Posting on Twitter, @shyphomusic expressed their concerns that the “next evolution in the industry” was actually a “glorified frontend for YouTube.” Another claimed that the site’s code used a domain owned by Spotify for API use.
With the YouTube claim raising a number of eyebrows, artists pressed NFT Music Stream on the details. Surprisingly the company quickly admitted that rather than the “decentralized music distribution” system mentioned in its advertising, its player is indeed a front-end for YouTube, accessed via a “bulk subscription“, meaning that when a track is played, “royalties are paid to the artist via their agreement with YouTube.”
When the question of artist consent was raised, the company said that since artists had given YouTube permission to show their content, NFT Music Stream had permission too.
“The artist did consent to make their music available to YouTube who charge us to use it and pass the royalties back to the artist. We do not make NFT’s from it. We do not profit from it. A music NFT can ONLY be made from music directly uploaded and minted by the artist themselves,” the company responded.
“If you don’t want your music being provided as part of a subscription service you can cancel your agreement with them. That said, email our support team with proof of ownership / representation to remove it,” the service bluntly added.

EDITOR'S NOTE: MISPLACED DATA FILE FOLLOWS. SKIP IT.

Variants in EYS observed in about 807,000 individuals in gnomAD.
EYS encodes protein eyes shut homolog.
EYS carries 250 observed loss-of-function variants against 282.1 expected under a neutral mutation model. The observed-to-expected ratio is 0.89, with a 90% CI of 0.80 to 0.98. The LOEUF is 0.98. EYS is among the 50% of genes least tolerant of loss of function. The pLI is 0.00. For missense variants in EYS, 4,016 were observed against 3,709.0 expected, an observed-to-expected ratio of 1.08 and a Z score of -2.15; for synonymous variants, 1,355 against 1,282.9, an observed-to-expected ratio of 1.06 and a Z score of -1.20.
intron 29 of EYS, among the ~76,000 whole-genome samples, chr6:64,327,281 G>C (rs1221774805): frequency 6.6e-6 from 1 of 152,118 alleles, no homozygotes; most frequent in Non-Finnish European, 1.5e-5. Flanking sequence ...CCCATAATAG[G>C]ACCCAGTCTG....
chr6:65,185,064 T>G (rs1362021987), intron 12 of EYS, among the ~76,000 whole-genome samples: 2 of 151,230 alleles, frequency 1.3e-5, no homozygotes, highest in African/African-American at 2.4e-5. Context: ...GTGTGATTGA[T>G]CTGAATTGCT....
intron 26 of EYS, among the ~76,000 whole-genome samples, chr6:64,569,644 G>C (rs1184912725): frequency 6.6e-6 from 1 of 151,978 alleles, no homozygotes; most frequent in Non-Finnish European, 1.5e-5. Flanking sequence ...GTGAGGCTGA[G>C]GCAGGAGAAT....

NFT Music Stream Player Taken Down
Given that NFT Music Stream is now on record saying that it doesn’t make any NFTs from the artists’ content pulled from YouTube, the big question is why it was put on the service in the first place. NFT Music Stream said that many users are “missing the point of the project” which is an interesting take given that the artists it’s claiming to support clearly haven’t been sufficiently briefed.
“Firstly, we have not profited in anyway from Musicians and Artists, in fact we have lost money as we pay YouTube Music (not to be confused with YouTube directly) the rights to host the music who then pays the royalties accordingly. Our goal is for the future where artists get to keep 98% of streaming profits through NFT distribution,” they added.
With artists in general clearly outraged with the launch and baffled by the business plan, NFT Music Stream also managed to annoy musician and musicians’ rights champion David Lowery. Not just because he was annoyed on artists’ behalf, but because his music was also made available on the platform without his express permission.
“Don’t blow me off,” Lowery warned the platform. “In case you aren’t familiar with my work,” he added, linking directly to an article detailing his class action lawsuit against Spotify which cost the streaming service tens of millions of dollars.
Only making matters worse, the artwork in the screenshots posted by Lowery point to what appear to be unauthorized uploads of his music on YouTube. This suggests that no matter what mental gymnastics are applied to NFT Music Stream’s music player service or business model, Lowery is unlikely to see a penny from either of them.
A worse start to a pro-artist service is hard to imagine but all the signs suggest it won’t be the last.